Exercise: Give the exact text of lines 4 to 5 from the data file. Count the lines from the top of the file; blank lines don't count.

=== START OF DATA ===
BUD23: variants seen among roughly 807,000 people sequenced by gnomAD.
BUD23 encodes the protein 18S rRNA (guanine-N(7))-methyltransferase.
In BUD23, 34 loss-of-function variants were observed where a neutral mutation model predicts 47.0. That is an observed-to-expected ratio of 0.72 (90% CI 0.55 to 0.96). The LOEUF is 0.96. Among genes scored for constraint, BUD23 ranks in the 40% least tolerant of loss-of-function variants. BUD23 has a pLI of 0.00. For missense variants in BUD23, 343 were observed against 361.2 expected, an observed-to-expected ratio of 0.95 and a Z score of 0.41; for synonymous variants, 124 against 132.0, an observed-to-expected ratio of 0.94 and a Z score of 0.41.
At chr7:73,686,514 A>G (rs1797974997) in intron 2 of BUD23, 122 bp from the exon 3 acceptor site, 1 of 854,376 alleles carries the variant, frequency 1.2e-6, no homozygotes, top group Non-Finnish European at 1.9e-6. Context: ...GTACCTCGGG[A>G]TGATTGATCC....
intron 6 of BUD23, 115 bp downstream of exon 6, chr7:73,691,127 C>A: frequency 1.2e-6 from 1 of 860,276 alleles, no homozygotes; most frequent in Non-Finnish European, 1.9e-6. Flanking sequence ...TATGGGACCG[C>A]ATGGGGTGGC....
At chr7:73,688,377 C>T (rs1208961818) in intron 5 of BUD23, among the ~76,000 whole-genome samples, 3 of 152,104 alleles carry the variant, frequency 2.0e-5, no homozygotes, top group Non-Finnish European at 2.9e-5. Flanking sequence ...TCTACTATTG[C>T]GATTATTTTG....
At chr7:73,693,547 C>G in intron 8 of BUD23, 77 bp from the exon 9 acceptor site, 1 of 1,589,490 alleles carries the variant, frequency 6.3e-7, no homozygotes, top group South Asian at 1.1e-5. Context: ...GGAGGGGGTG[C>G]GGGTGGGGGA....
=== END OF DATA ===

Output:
At chr7:73,686,514 A>G (rs1797974997) in intron 2 of BUD23, 122 bp from the exon 3 acceptor site, 1 of 854,376 alleles carries the variant, frequency 1.2e-6, no homozygotes, top group Non-Finnish European at 1.9e-6. Context: ...GTACCTCGGG[A>G]TGATTGATCC....
intron 6 of BUD23, 115 bp downstream of exon 6, chr7:73,691,127 C>A: frequency 1.2e-6 from 1 of 860,276 alleles, no homozygotes; most frequent in Non-Finnish European, 1.9e-6. Flanking sequence ...TATGGGACCG[C>A]ATGGGGTGGC....